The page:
Some budget protesters spend night at the Capitol
A rally to urge state lawmakers to close corporate tax loopholes, rather than cut back health care, social services and education, started with hundreds of protesters, then turned into a sleepover for about six dozen in the state Capitol Wednesday night.
Seattle Times Olympia bureau
Protest inside Washington State Capitol
Joshua Welter of Washington Community Action Network
OLYMPIA — A rally to urge state lawmakers to close corporate tax loopholes, rather than cut back health care, social services and education, started with hundreds of protesters, then turned into a sleepover for about six dozen in the state Capitol Wednesday night.
"Our goal today was to disrupt business as usual because obviously we've marched and rallied, and we're still seeing more and more cuts," said Fatima Morales, a spokeswoman for the Washington Community Action Network, which helped bring together more than three dozen advocacy groups.
Called Community Action Day, the rally marked the second day of the Washington State Labor Council's week of action in Olympia.
Washington state is facing a $5 billion budget deficit. Earlier this week, House lawmakers rolled out their budget proposal that included mostly cost-cutting measures. Senators will follow next week with their budget proposals.
Lawmakers have argued that closing tax loopholes and raising taxes would be difficult because a two-thirds vote in both chambers is required under Tim Eyman's Initiative 1053.
During the day, Wednesday, about a dozen Washington State Patrol officers kept an eye on the protesters, telling them to keep the noise down and stay off the grass.
By Wednesday night, the number of protesters dwindled from about 400 to the six dozen people who spread out air mattresses and sleeping bags on the floor of the Capitol rotunda intending to spend the night.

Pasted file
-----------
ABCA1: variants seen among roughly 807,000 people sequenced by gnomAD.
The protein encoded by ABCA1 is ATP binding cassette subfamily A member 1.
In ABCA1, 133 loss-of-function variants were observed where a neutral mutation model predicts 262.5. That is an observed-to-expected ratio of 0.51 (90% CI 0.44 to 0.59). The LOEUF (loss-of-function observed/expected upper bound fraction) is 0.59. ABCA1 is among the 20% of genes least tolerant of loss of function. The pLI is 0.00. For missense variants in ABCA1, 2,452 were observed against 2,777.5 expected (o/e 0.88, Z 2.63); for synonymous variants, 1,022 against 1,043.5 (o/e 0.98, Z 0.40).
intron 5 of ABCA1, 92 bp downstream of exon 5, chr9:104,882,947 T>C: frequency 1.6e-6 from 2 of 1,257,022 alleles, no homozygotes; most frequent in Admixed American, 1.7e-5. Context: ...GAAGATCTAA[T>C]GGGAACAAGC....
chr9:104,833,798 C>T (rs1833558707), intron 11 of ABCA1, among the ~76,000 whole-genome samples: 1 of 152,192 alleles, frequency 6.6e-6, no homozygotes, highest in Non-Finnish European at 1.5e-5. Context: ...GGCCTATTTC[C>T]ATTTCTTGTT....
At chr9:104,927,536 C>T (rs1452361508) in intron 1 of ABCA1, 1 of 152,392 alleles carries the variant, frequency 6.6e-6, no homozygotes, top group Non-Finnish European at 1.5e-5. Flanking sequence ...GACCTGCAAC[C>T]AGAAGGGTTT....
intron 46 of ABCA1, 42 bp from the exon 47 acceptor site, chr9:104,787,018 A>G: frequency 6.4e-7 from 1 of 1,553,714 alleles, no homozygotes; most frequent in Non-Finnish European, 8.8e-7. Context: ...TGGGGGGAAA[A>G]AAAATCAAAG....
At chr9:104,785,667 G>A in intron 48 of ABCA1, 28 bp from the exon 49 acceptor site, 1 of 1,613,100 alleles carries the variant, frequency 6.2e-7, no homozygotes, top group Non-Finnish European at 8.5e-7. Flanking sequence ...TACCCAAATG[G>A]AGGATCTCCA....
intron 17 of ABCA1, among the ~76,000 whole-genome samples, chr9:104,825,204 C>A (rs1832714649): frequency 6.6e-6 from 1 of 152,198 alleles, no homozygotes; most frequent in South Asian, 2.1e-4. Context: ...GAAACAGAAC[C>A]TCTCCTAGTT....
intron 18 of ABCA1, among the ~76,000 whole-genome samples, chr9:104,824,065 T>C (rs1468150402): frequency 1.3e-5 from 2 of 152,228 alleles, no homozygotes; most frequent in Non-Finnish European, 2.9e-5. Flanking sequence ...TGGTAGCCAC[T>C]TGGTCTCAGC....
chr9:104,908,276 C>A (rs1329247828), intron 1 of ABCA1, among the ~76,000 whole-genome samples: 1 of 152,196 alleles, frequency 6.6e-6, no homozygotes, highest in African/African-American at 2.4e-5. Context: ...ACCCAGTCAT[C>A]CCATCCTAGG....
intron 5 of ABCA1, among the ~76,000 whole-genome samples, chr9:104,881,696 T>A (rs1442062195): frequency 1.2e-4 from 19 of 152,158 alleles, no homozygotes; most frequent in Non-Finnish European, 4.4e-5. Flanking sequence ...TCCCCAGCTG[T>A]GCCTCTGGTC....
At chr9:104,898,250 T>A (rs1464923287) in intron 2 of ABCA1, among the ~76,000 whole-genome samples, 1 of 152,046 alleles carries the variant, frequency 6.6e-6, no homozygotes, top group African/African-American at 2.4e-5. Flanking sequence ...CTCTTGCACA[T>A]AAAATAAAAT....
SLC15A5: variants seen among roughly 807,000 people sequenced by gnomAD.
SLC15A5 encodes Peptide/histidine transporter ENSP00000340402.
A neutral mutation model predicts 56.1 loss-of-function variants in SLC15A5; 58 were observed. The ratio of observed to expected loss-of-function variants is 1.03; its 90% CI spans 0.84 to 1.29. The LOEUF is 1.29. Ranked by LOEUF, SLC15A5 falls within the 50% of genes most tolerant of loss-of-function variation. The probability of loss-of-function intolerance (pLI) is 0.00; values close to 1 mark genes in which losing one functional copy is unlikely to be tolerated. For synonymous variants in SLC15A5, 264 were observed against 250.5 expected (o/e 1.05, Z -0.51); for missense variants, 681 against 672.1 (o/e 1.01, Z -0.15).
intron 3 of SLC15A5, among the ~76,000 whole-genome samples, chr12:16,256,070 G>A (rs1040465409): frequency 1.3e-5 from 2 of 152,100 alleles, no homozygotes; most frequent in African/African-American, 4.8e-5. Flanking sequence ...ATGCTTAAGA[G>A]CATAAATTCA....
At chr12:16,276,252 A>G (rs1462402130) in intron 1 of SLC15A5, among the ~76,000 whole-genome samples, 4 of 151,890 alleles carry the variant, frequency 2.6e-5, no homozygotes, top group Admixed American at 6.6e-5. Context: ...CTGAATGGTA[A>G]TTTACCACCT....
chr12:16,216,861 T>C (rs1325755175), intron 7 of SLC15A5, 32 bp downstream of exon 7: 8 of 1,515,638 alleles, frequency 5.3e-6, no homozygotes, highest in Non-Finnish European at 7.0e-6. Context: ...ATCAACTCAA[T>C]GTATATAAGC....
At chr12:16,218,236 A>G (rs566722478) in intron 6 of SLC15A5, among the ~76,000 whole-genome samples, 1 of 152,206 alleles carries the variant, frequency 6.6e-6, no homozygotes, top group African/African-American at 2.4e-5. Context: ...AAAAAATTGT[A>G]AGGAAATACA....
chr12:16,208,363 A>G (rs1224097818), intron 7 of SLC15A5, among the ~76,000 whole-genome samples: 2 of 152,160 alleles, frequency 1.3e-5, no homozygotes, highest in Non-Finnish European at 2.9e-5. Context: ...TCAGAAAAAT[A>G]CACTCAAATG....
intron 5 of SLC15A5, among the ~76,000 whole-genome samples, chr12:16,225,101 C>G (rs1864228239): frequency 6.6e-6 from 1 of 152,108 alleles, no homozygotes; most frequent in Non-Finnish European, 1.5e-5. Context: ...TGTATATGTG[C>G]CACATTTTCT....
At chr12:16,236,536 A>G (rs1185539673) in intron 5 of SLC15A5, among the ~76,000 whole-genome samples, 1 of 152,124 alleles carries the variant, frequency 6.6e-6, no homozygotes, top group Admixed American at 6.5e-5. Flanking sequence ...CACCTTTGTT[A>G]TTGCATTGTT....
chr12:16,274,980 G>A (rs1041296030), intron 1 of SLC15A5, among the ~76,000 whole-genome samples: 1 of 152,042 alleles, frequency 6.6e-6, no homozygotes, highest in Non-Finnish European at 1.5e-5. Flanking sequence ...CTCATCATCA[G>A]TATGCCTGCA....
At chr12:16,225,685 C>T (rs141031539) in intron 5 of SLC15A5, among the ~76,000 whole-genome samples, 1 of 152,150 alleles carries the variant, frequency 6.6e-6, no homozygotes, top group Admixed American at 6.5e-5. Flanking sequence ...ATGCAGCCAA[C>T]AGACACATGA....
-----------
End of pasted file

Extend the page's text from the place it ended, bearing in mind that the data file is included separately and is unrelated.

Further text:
By 7 p.m., Washington State Patrol officers weren't letting any more protesters into the Capitol building. An hour later, they asked the protesters to leave the building but did not insist.
"If you are choosing to stay in the building to wait for us to arrest you, we are not going to do that," said Washington State Patrol Lt. Mark Arras to the protesters at around 8 p.m. "Please help keep our house clean, please work with us, and we will work with you."
The protesters continued to chant and clap.
Wednesday's rally began in the rotunda of the state Capitol where members of groups such as OneAmerica and Unite Here Local 8 chanted, "Hey hey, ho corporate greed has got to go," and waved banners and signs that read "End Tax Loopholes."
The protesters then marched into the John L. O'Brien Building during a House Ways and Means Committee meeting still chanting and clapping.
Morales, who planned to spend the night in the Capitol herself, said the overnight stay was to maintain pressure on lawmakers.
"The goal of staying overnight is for us to be a constant presence to show lawmakers that we mean business — that we'll be here in the morning, we were here before they left," she said.
Information from The Associated Press was used in this report.
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